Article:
Global Prepaid Exchange and its partners, including American Express Co. and prepaid news outlet Paybefore, endeavored to bring that picture into focus in their joint report, Prepaid the India Way: Mapping the Landscape of Opportunity. The research revealed that the 3-year-old prepaid card market is crystallizing around a popularity for gift, transit and general purpose reloadable cards; in all three categories, the population sample expressed a high level of awareness, above 75 percent of the over 1,350 Indian consumers surveyed.
Remittance and government benefit cards also scored highly in the survey, while lower numbers for payroll cards suggest that category is less likely to succeed with Indian consumers, Craddock stated.
With 650 million mobile handsets in circulation in India and upward of 85 percent of them being prepaid, the researchers asked whether the market would spurn plastic cards in favor of virtual ones, as has largely happened in Kenya with Safaricom's popular M-Pesa product. "The answer is no," Craddock said. "Plastic and paper still have a role to play and will still be a very important part of it. And we think, ultimately, virtual and mobile distribution of payment will be no more than 20 percent in five years' time."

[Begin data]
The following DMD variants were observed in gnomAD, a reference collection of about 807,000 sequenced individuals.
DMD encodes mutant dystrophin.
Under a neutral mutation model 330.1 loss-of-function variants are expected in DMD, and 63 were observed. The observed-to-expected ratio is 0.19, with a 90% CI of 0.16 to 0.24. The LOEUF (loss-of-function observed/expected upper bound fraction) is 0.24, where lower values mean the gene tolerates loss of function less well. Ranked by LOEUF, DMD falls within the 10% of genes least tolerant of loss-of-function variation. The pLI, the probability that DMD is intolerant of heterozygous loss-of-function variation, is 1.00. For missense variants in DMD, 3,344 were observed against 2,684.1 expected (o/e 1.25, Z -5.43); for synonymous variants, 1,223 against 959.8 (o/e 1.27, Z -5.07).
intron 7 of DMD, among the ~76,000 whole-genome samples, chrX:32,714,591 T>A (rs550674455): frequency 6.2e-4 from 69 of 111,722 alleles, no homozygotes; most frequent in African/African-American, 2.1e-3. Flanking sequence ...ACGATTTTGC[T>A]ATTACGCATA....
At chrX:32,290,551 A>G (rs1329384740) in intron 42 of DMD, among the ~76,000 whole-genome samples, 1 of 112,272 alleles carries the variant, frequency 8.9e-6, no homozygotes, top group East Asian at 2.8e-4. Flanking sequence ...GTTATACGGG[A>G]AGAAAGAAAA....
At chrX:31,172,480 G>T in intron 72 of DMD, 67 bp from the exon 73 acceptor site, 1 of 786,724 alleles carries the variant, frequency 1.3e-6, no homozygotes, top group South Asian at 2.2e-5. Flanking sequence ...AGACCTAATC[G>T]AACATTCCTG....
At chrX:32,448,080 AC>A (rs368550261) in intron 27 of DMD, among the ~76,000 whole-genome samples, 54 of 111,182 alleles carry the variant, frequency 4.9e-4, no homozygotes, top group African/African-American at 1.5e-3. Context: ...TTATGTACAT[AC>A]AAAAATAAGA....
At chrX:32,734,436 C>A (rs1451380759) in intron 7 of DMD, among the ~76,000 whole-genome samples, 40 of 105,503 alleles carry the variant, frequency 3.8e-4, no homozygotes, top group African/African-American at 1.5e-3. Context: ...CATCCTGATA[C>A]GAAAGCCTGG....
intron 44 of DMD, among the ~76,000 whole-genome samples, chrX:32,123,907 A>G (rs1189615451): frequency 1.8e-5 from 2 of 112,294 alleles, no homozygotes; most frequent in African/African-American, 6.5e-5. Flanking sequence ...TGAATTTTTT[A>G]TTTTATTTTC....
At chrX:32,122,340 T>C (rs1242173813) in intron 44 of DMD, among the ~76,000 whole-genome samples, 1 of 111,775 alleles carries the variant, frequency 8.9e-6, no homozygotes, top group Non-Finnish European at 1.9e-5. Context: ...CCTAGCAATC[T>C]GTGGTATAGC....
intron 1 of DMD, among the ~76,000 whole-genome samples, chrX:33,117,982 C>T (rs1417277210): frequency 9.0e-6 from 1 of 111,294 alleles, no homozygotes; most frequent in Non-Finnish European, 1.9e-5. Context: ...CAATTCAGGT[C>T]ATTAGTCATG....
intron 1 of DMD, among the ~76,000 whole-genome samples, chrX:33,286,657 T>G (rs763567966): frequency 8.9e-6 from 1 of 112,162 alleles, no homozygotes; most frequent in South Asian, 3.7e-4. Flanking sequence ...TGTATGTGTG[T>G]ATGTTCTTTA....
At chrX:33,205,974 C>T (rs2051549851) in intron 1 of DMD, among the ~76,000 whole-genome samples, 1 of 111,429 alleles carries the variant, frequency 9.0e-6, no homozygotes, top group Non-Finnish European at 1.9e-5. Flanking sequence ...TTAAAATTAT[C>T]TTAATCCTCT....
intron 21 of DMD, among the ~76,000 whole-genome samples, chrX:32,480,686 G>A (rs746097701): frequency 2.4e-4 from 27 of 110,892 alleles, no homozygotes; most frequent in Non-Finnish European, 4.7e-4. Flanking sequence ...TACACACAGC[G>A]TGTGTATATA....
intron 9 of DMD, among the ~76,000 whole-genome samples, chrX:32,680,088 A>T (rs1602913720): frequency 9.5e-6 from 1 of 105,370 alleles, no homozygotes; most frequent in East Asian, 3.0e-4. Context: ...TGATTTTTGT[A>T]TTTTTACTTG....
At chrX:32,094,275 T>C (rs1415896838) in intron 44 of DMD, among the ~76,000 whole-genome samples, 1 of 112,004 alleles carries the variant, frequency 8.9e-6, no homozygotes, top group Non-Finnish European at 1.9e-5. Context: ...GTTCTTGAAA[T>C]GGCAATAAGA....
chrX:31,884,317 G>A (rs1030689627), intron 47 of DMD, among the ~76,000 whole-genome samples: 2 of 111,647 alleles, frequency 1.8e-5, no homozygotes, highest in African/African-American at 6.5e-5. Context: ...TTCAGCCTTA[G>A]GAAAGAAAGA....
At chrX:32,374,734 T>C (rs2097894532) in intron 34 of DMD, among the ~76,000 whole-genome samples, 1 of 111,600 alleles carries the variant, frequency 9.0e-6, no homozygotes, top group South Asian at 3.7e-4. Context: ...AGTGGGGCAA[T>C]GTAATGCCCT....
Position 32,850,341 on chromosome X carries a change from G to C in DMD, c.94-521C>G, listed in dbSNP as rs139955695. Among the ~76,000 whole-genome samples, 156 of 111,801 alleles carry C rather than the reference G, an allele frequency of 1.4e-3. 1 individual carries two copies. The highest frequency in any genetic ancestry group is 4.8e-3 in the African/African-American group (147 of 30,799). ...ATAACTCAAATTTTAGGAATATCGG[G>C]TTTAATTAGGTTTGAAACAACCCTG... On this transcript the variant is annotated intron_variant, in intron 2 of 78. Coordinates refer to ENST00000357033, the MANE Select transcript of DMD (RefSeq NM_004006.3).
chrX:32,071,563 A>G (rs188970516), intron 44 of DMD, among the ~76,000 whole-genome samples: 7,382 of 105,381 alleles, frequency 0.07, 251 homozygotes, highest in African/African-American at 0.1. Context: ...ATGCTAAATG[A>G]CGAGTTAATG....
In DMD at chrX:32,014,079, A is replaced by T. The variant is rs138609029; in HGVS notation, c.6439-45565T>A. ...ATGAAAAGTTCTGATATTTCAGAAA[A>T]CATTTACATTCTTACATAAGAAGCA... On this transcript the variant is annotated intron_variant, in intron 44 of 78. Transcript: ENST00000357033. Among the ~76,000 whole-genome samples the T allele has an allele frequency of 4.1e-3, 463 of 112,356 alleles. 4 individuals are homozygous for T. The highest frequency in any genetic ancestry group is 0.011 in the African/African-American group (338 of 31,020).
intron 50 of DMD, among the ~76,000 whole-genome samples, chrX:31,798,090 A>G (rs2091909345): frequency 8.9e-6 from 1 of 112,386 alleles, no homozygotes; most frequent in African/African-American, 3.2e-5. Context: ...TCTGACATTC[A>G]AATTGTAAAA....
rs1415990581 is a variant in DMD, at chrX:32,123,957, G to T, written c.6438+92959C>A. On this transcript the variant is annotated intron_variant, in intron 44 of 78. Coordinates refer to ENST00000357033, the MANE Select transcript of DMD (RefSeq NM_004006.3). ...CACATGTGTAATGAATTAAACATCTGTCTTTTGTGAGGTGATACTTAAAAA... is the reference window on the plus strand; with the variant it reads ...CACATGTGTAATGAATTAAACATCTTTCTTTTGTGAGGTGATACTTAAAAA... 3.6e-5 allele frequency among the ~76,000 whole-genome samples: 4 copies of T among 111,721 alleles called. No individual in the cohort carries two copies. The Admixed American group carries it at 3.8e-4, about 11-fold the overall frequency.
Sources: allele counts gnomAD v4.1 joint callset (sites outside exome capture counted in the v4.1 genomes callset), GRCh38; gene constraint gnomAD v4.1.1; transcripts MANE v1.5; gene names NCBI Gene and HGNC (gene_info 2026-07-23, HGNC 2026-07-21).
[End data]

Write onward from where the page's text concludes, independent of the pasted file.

In his presentation, Craddock listed the following downsides of the Indian prepaid card market:
According to Craddock, foreign prepaid card providers cannot expect to conquer the Indian market in a year's time. "You have to be here in India for the long term," he said. "You have to do prepaid the Indian way."
One tricky aspect of the "Indian way" is the nuanced meanings around the word "yes." The cultural norm is for Indians to say "yes" to questions, rather than "I don't know," even if the latter is more accurate when viewed through a Western lens. "And that's very important," Craddock said. "For example, if you are doing business in India, saying 'yes' does not necessarily mean 'yes.' It might mean, 'Yes, I understand,' or, 'Yes, I get it,' or, 'Yes, I'm interested.' It doesn't necessarily mean, 'Yes, I'm doing business [with you.].'"
Another obstacle to doing business in India is the presence of a large and ingrained informal economy: cash-based, merchant-to-merchant transactions that take place outside of India's formal tax system, Craddock said. It is one reason why the Reserve Bank of India is pushing its financial inclusion initiative – to increase the tax base by enrolling more unbanked consumers with financial services products that can be tracked and taxed, Craddock added.
Craddock outlined several aspects of India that benefit prepaid card adoption. He said Indians have strong religious and cultural reasons for not using credit cards. At the same time, they exhibit sophisticated Western payment habits that the retail sector will eventually adopt.
On the regulatory front, RBI recently tweaked regulations to allow for the existence of program managers in the financial system, which Craddock said shows Indian regulators' ability to quickly modify its laws to spur innovation in the marketplace. With program managers now established, India's nascent prepaid card industry will be able to take advantage of the nation's intelligent, educated, industrious business class.
"If there was one place in the whole world where there's a flood of entrepreneurial potential, with the education to support it, it is in India," Craddock said.
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